Is it feasible? You know, this may sound cynical, but I'm actually being sincere. Since NYC has that "adult" rule... you could probably run a coffee bar in the 60% of the non-adult space, and use the other 40% for "adult" entertainment. (In this case, I would probably put bondage gear and other "adult game" activities. I think that's about as likely as it will get. shake
 
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Michael Webb
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I think the thing with coffee houses is that their acceptance of your board game is going to depend on a few things:

1) Clientele
2) Location
3) Your consumption habits
4) Ownership

In major cities most people tend to think of coffee shops as being part of, say, the Starbucks chain, or hooked onto a big box book store. Those kinds of places are generally less happy about geeks setting up shop and taking up one of their tables for 8 hours at a time.

Similarly, even independently owned shops in major cities which are hopping usually are going to be less happy about people sitting down for an extended period of time.

Once you get outside the massive metros and get down to the next smaller cities, then you start to have no problems what-so-ever though. I could easily go to any of my regular haunts in Kalamazoo or Ann Arbor with a board game in tow and no one would, or has, said anything about it.

The reason is that these shops are independently owned, in a smaller locale, and aren't liable to get upset if you take up some of their space for a long time because the ratio of people to seats is usually in the safe zone.
 
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Penny
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The Bucks County at Univ. of Penn is a good place to play games because it's really big and has a lot of tables and chairs. It is usually not crowded so they don;t care if you sit there for 4 hours playing games. Also I like to sit in a little corner with sofa around the wall thingy. It's kinda cozy. Another place I played games is a cafe on 20th and Samson. it is a little TOO cozy and really don't have enough space to play games. Not to mention it tend to be crowded. Starbucks at Penn is a bad place as with the ones in center city philly. Tables are too small and too many people. So I think one important thing about playing games in coffee shop is that it has to be relatively big in space, have plenty of nice good sized tables, and not too crowded.
 
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Chris Shaffer
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A lot depends on the local venue. Even here in Iowa City, definitely not a major metropolitan area, trying to claim a table for more than 30 minutes at the coffee shops near the university is pointless. On the other hand, over spring break, winter break and summer break, when the university isn't in session, it's not a problem at all.
 
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Pierce Ostrander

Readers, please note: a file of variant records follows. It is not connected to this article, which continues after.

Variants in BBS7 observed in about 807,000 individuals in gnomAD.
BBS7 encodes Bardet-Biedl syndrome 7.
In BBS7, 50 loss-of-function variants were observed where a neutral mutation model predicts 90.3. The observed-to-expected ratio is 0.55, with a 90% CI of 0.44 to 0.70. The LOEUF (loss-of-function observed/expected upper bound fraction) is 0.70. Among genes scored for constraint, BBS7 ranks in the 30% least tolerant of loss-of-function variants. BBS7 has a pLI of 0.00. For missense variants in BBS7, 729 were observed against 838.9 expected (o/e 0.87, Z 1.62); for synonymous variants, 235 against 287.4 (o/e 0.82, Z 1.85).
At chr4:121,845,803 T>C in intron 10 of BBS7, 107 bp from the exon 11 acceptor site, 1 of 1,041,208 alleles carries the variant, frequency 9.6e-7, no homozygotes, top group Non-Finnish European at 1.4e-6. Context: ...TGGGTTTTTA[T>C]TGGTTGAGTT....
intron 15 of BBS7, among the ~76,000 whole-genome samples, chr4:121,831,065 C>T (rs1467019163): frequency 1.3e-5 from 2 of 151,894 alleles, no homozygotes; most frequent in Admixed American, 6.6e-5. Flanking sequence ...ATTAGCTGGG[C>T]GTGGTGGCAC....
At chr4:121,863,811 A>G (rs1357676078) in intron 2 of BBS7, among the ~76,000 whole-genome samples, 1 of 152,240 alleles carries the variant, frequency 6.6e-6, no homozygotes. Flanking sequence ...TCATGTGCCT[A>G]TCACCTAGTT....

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The East Side Coffee Shop in Easton, Maryland. They actually have a "game night"!

Just one state down from NJ... but a world apart. It is on the Eastern Shore of the Chesapeake bay about 10 miles from Oxford, Maryland up the Tread Avon River. I have only been there by water. We sailed to Oxford last fall and the road our bikes to Easton to "check it out". It is a neat little village with quaint downtown that is quite nice. The East Side Coffee Shop is a sprawling place that has several rooms, a wine bar, several racks off books and lots of tables, couches and chairs.

We plan to sail there again this season and this time go the last 10 miles up river to anchor in Easton. We always have games on the boat, so maybe we will show up there for a game night...



 
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Eddie Bonet
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I sometimes play at the coffe shop in a Borders Books when I'm meeting new people etc. They usually don't say anything as long as there are tables available. Since we stay late, till close, I'll help the person behind the counter put up the chairs on the tables we use. This usually keeps them happy and so far we get along.

It's close to a University and I've seen signs that read something like, please don't use this area for long study sessions, cap it at 1 hour. But when they have tables they don't enforce it.
 
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Steve Zamborsky
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I'm part of a regular game group in the NE Ohio area that boardgames every Thursday night from 7:30 to 11:00 at a coffeehouse called Seekers. They've been extremely receptive to us coming there on a regular basis (we take up two normal size tables, pushed together; they've taken upon themselves (no prompting from us) to make up a sign and reserve our usual tables for us! Now that's service...).

In fact, we were given the option to head down the strip to instead play games at our local favorite game store every Thursday until midnight; it was unanimously decided to stay at Seekers instead. Maybe it's the food & coffee & service; I think it's the last of the three that has had the most impact on everyone.
 
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ChToHe
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now that's what I call catering to gamers Sweet!
 
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Jim Robertson
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We recently started a boardgame night at a coffeehouse in the Pittsburgh area (Mt. Lebanon to be exact). The two times we've had it so far, the shop didn't have any problem at all with us being there. Probably because the place is completely dead on Tuesdays apparently. There were a lot of people coming in to get coffee, but not many stuck around.

Hopefully this will continue, cause they have one really nice big table that we've been able to snatch each time we've been there so far. After we have established ourselves a bit more, I may ask them to start reserving it for us. Heck, it's only once a month, and we're bringing in business that normally never would have gone near the place.